‘You could turn it up a little – I doubt I shall sleep for a while. But before you go,’ he added as she turned away, ‘would you do something for me? Over there, on the mantelpiece, I think I left my cigar case and matches. Would you pass them to me?’
‘I really don’t think you should smoke in bed,’ she commented with disapproval. ‘And if you’ve been as ill as everyone seems to think, I’m sure it can’t be good for you.’
Chastened, he assured her he was much recovered. ‘If you stayed a while,’ he went on, ‘you could ensure my safety, and that of the entire house.’
Louisa shook her head.’ You might be feeling better, Mr Devereux, but my mother is ill. I must see to her. Now, if you’ll excuse me —’
‘Of course…’ At the door he called her back. ‘Miss Elliott?’
‘Yes?’ Sighing, she turned to face him.
For a moment he hesitated. ‘There’s something I feel I should say. My name’s Duncannon, not Devereux.’
Louisa’s left eyebrow arched quizzically; a sudden, dimpling smile appeared and was as quickly suppressed. ‘I see,’ she said crisply, as though he had explained everything; and with that, she closed the door.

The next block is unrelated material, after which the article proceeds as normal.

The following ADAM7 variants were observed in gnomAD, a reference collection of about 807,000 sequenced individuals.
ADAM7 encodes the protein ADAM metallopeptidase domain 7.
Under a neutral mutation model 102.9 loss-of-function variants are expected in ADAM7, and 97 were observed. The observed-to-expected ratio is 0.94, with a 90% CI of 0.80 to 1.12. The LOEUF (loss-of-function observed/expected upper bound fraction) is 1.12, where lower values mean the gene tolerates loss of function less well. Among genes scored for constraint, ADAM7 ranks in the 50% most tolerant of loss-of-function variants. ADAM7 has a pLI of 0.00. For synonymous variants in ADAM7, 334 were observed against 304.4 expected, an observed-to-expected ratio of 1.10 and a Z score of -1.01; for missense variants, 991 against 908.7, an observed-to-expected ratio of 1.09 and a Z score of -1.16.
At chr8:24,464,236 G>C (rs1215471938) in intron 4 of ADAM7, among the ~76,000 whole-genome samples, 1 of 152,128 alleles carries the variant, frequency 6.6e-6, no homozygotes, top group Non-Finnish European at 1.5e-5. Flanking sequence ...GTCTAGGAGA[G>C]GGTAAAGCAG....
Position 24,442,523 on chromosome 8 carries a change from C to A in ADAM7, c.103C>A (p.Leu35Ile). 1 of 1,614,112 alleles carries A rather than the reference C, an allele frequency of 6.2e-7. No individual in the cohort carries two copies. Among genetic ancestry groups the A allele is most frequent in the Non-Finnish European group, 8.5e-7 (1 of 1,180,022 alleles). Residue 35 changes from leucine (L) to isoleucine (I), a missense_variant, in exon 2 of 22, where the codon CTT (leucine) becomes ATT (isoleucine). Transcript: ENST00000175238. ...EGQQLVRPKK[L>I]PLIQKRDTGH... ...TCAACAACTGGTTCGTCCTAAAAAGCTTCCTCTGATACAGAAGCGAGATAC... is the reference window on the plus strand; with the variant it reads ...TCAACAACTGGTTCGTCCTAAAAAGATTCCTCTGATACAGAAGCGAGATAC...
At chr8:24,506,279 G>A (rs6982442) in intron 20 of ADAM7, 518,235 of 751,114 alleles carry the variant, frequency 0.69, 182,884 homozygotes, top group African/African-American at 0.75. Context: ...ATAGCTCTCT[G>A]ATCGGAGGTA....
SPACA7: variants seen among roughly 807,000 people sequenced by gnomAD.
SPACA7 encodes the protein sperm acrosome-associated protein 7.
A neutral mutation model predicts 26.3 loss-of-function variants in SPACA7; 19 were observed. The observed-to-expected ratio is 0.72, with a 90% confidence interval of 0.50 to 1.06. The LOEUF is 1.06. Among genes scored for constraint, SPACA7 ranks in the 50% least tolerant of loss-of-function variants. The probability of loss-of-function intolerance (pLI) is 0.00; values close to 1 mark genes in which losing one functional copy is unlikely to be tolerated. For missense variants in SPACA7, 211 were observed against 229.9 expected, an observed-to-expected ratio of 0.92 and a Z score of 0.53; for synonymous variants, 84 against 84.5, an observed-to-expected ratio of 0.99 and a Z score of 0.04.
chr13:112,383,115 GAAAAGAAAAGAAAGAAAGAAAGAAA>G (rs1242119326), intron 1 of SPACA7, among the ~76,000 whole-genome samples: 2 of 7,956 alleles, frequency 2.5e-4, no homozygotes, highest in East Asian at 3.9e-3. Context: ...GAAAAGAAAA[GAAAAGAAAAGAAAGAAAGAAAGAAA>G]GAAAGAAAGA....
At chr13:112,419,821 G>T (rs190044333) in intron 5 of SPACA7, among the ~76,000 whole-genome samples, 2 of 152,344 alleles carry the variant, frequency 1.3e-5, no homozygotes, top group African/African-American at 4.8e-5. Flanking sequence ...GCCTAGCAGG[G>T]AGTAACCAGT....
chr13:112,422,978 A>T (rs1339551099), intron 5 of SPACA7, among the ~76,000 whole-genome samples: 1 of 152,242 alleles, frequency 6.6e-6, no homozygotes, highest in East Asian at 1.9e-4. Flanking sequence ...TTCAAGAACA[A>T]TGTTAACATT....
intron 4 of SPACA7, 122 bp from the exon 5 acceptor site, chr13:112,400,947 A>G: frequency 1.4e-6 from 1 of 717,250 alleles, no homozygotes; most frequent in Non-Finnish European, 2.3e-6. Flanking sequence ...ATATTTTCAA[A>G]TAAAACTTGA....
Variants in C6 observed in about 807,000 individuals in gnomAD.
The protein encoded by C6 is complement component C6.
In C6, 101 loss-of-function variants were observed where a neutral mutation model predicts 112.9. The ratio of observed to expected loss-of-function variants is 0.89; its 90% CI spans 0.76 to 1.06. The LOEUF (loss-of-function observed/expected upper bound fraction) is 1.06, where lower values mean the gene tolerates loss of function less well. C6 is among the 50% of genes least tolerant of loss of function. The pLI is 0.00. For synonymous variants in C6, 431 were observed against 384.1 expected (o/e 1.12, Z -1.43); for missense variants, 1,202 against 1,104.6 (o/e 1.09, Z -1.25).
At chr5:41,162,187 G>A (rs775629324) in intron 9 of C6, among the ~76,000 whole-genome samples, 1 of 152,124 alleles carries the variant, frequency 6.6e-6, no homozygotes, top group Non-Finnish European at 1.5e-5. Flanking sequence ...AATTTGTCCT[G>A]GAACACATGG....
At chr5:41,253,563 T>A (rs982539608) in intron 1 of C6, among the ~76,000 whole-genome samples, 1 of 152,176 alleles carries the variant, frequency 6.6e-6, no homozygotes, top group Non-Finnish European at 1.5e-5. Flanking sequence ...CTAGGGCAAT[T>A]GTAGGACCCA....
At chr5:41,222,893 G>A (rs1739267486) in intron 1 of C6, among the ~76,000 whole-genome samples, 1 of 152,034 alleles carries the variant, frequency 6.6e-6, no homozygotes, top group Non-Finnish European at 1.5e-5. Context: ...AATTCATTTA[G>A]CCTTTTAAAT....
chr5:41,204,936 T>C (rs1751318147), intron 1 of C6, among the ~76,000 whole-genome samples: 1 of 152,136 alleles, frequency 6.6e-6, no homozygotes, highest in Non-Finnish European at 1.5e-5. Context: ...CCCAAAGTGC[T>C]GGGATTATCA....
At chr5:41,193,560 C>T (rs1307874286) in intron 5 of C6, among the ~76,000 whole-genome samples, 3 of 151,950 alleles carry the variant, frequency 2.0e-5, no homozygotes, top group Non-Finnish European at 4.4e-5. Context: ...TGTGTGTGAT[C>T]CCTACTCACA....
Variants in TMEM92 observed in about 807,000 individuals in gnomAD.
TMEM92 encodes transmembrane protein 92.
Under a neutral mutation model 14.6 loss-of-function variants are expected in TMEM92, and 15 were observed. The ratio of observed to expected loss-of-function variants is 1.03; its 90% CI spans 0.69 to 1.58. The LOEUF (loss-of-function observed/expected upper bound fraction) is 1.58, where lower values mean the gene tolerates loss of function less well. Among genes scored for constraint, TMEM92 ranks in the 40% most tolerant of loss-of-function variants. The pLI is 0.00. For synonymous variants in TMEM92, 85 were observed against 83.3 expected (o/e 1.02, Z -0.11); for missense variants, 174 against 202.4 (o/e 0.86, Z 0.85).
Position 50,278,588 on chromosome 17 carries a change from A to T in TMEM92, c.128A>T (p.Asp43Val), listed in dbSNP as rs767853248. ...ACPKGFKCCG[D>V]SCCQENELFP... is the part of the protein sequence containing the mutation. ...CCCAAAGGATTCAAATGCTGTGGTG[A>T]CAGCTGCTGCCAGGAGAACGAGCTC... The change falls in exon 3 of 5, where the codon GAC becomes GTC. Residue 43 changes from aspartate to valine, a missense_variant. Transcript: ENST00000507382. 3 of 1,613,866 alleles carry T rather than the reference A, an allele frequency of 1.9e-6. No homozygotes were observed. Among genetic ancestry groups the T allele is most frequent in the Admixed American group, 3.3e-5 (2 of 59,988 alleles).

Easing himself out of bed, Captain Robert Devereux Duncannon, of the 1st Royal Dragoons, stationed at the Cavalry Barracks, east of the city, reached for his heavy robe. There was a jug of lemonade on the table beside the bed; pouring himself a glass, he drank deeply. He would have preferred a good, stiff brandy.
With a sigh he found his morocco slippers and padded across to the fire, determined to have that cigar, no matter what the disapproving Miss Elliott had to say. Gingerly, he paced back and forth, trying to force some strength into limbs which seemed incredibly weak after a mere four days in bed, inwardly cursing the illness which had laid him low for so long. No matter, he would have to report for duty in the morning; no one knew where he was, and it simply would not do to be reported absent without leave.
So much, he thought, for the idea of a quiet few days in which to gather his thoughts and lick his wounds in private. The illness had put paid to that. For a moment, wondering what had possessed him to give his mother’s family name instead of his own, Robert Duncannon shook his head. It was, he supposed, part of the morbid mood he had returned with; an irrational fear of meeting up with anyone he knew, of acquaintances hearing he was back in York, hazarding guesses as to the reason why.
That overwhelming need for anonymity now seemed foolish and pointless, like the impulse which had made him reveal the truth just now. What must she be thinking? What had he said while delirious? How much did they know? The gruff little doctor had tried to question him earlier when he came to bandage his wounds, and Robert knew his answers were too vague to be believed. He would have to think of a more convincing tale for the regimental surgeon.